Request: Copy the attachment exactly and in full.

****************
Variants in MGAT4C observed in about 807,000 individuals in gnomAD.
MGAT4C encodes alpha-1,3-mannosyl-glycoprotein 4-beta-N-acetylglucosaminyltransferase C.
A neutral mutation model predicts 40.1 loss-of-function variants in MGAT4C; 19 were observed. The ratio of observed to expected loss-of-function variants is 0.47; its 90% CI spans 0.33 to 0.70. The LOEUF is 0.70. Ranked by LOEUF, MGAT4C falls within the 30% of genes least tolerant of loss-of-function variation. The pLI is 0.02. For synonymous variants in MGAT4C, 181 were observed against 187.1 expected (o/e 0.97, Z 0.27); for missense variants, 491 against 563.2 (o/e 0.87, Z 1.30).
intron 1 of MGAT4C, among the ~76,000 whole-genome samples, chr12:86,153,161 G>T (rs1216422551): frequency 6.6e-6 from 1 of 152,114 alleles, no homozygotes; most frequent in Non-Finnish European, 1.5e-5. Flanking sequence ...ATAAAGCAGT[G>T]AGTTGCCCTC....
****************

Variants in MGAT4C observed in about 807,000 individuals in gnomAD.
MGAT4C encodes alpha-1,3-mannosyl-glycoprotein 4-beta-N-acetylglucosaminyltransferase C.
A neutral mutation model predicts 40.1 loss-of-function variants in MGAT4C; 19 were observed. The ratio of observed to expected loss-of-function variants is 0.47; its 90% CI spans 0.33 to 0.70. The LOEUF is 0.70. Ranked by LOEUF, MGAT4C falls within the 30% of genes least tolerant of loss-of-function variation. The pLI is 0.02. For synonymous variants in MGAT4C, 181 were observed against 187.1 expected (o/e 0.97, Z 0.27); for missense variants, 491 against 563.2 (o/e 0.87, Z 1.30).
intron 1 of MGAT4C, among the ~76,000 whole-genome samples, chr12:86,153,161 G>T (rs1216422551): frequency 6.6e-6 from 1 of 152,114 alleles, no homozygotes; most frequent in Non-Finnish European, 1.5e-5. Flanking sequence ...ATAAAGCAGT[G>T]AGTTGCCCTC....